Imagine if a company went in and solved the solution above. They buy the entire mountain against the promise that they get to use part of it, and save the flowers on the rest of the mountain. Or they might funnel in a lot of money, against getting to put up commercial banners etc. This practice does not only relieve the government of their responsibilities (What? McDonalds want to save the flowers? Let them – save us some cash), but it does the same to the public, while earning the rights to use the land, or the right to advertise.
A far more sinister thing is currently happening within education. Corporate sponsorships are popping up in schools around the world – particularly in the US. Sponsored educational TV programmes, sponsored school books, Pepsi schools versus Coke schools etc. The sinister bit is that the more the corporations decide to sponsor the schools, the more the government is inclined to think that "Hey, they are shelling out for the schools, which are about to fall apart and have been using books from the mid-70s, so why should we bother?". The more capitalistic a society is (yup, referring to the US of A once more), the more likely it is that this school of thought is utilised, and the more likely it is that the school systems will be branded with corporate logos and (far worse, but ultimately unavoidable), ideas.
Both the examples above – the problems with charities and the problems of corporate sponsorship in community issues – are caused by a terminally ill society, infected with capitalism.
So what could have been different? In an ideal society, the government would take responsibility for everything directly affecting its citizens. That means that schools should be well taken care of. War veterans should be taken care of. Wildlife resources, libraries, recycling, and children from abusive homes should be cared for. By the government.
Every time I see a television advert for a charity covering one of these things, it makes me sick to my stomach. "Every day, an elderly person is subject to abuse. For only X pound a day...". The adverts, while being honourable for trying to make a difference, are effectively transferring the responsibility from the government to whoever is willing to pay, because they feel bad for the elderly.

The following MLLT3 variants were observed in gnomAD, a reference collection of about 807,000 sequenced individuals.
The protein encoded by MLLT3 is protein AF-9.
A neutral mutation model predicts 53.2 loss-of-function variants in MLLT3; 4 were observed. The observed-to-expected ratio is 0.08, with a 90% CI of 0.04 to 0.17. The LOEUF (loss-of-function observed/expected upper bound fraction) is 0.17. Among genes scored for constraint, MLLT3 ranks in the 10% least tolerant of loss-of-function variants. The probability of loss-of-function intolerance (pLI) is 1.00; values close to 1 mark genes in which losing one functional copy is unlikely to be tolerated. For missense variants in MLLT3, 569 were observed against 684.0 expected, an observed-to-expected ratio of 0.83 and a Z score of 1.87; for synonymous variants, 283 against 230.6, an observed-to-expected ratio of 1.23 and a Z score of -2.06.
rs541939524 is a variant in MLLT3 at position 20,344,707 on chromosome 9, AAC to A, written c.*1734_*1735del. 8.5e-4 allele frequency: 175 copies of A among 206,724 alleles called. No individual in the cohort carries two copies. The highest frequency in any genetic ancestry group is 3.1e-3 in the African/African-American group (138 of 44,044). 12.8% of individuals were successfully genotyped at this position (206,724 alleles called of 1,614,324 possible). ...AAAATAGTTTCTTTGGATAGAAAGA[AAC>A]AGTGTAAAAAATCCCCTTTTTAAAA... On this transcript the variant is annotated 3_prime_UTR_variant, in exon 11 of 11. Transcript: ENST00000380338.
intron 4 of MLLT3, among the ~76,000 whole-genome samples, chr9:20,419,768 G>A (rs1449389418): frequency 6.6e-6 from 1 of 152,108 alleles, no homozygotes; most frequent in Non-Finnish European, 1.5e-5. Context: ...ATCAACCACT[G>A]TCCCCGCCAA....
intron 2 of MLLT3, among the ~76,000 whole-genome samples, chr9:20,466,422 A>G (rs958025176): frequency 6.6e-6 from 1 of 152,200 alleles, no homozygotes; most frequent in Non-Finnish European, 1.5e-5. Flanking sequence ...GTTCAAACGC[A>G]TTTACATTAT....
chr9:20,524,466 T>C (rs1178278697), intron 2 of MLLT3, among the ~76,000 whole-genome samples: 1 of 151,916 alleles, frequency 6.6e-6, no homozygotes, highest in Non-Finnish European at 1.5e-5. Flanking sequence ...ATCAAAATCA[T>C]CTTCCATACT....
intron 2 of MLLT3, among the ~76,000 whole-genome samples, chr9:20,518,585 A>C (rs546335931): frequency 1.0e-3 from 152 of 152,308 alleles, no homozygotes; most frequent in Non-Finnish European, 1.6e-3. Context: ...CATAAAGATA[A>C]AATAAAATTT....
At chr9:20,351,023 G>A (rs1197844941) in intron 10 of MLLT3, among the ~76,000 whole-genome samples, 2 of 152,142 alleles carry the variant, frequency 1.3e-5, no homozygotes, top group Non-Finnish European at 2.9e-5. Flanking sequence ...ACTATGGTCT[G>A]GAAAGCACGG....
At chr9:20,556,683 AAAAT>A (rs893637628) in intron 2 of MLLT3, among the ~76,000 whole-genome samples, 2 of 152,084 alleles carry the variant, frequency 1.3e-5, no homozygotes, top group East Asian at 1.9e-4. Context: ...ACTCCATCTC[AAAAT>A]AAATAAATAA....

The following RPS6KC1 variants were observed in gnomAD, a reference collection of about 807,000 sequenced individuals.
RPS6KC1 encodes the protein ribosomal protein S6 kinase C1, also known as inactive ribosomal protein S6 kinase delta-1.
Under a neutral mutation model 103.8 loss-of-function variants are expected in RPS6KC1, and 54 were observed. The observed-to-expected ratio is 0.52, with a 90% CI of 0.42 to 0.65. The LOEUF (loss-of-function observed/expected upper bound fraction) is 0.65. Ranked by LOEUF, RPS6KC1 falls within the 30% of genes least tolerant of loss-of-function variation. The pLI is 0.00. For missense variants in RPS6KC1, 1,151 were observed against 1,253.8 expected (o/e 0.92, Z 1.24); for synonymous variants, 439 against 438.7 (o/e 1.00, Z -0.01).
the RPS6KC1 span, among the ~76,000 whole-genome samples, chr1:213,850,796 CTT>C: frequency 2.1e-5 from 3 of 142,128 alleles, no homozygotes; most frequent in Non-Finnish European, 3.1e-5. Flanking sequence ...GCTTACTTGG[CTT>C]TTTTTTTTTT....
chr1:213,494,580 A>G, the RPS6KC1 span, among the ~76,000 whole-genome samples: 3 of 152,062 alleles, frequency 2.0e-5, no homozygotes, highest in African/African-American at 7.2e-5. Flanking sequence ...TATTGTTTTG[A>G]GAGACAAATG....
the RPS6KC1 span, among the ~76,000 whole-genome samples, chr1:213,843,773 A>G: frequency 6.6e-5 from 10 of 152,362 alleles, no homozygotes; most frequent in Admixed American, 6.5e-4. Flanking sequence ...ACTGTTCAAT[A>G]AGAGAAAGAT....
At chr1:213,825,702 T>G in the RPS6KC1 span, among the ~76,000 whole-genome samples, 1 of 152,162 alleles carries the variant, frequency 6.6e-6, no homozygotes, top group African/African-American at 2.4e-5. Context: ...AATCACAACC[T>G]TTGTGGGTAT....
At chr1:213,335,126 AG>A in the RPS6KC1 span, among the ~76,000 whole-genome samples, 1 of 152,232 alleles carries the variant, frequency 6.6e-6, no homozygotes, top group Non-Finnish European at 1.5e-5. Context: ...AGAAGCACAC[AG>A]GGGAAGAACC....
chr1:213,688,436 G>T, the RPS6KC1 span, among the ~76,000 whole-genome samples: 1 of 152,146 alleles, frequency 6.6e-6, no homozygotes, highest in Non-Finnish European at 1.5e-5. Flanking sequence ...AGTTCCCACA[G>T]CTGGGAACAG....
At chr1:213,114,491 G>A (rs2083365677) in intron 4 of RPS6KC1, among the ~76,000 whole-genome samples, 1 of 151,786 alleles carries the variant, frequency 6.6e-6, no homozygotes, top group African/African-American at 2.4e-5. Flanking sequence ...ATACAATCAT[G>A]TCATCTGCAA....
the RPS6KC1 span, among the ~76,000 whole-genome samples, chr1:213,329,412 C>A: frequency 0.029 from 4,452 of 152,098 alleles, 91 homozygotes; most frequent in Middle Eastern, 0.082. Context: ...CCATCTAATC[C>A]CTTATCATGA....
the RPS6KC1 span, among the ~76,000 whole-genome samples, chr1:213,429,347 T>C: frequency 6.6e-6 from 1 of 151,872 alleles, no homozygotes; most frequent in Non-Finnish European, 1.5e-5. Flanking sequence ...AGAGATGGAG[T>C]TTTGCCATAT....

Personally, as a solution, I am all for higher taxes. And not just for the people on the lower rungs of the money ladder. Let everybody pay a significant part of their wages, and make the government spend the money wisely* on the things that really matter. Okay, so many people will argue about what "really matters". However, I challenge anybody to convince me that issues of general welfare – such as education, health and environmental issues – are worth of charities or corporate sponsorships.
If anybody wants to spend more on the variouse causes, let them. But don't let governments off the hook. If these cases are anybody's responsibility, they are everybody's responsibility.
*) Yes. I said "Let the Government spend the money wisely". And I mean it. I have a strong believe that governments can in fact spend money wisely. That does demand, however, that the government in question is in touch with what the people (the "demos" part of democracy, remember?) want**. That also means that I wouldn't trust a government with strong commercial or corporate interests to be able to pull this off. Which means that in some countries I could think of, charities are the only hope. That, or a decent-sized revolution. Ah. One can never give up hope.
**) What the people want other than lower taxes. Which is altogether utterly ironic, but luckily well outside the scope of this writeup, or we'd be here all week.
All of which isn't to say that the causes I believe most in will be without my donations this year. I just wish the government gave the proverbial flying fuck.